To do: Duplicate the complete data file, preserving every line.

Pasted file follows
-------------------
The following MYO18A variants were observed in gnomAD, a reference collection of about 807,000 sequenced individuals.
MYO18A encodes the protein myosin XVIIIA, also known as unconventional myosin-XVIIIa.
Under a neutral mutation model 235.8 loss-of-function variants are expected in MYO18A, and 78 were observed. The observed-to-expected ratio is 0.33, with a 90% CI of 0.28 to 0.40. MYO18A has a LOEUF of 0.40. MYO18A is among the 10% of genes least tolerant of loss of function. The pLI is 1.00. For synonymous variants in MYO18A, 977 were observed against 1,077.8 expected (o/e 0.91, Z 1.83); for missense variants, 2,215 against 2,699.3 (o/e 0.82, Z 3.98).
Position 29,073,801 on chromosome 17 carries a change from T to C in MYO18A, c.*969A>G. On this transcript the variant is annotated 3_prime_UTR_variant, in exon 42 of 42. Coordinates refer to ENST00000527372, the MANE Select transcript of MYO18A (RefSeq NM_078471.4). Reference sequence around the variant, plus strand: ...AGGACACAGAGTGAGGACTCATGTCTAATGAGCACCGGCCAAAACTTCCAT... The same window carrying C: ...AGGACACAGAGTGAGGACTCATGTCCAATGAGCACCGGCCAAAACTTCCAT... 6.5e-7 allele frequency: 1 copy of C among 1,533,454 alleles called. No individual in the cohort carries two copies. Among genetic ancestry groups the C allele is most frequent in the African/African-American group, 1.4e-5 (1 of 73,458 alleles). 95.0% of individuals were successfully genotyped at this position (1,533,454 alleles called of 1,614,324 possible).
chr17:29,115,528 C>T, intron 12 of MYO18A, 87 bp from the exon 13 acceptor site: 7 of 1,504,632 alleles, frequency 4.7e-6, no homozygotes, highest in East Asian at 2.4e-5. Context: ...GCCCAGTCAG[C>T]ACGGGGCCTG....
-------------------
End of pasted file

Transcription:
The following MYO18A variants were observed in gnomAD, a reference collection of about 807,000 sequenced individuals.
MYO18A encodes the protein myosin XVIIIA, also known as unconventional myosin-XVIIIa.
Under a neutral mutation model 235.8 loss-of-function variants are expected in MYO18A, and 78 were observed. The observed-to-expected ratio is 0.33, with a 90% CI of 0.28 to 0.40. MYO18A has a LOEUF of 0.40. MYO18A is among the 10% of genes least tolerant of loss of function. The pLI is 1.00. For synonymous variants in MYO18A, 977 were observed against 1,077.8 expected (o/e 0.91, Z 1.83); for missense variants, 2,215 against 2,699.3 (o/e 0.82, Z 3.98).
Position 29,073,801 on chromosome 17 carries a change from T to C in MYO18A, c.*969A>G. On this transcript the variant is annotated 3_prime_UTR_variant, in exon 42 of 42. Coordinates refer to ENST00000527372, the MANE Select transcript of MYO18A (RefSeq NM_078471.4). Reference sequence around the variant, plus strand: ...AGGACACAGAGTGAGGACTCATGTCTAATGAGCACCGGCCAAAACTTCCAT... The same window carrying C: ...AGGACACAGAGTGAGGACTCATGTCCAATGAGCACCGGCCAAAACTTCCAT... 6.5e-7 allele frequency: 1 copy of C among 1,533,454 alleles called. No individual in the cohort carries two copies. Among genetic ancestry groups the C allele is most frequent in the African/African-American group, 1.4e-5 (1 of 73,458 alleles). 95.0% of individuals were successfully genotyped at this position (1,533,454 alleles called of 1,614,324 possible).
chr17:29,115,528 C>T, intron 12 of MYO18A, 87 bp from the exon 13 acceptor site: 7 of 1,504,632 alleles, frequency 4.7e-6, no homozygotes, highest in East Asian at 2.4e-5. Context: ...GCCCAGTCAG[C>T]ACGGGGCCTG....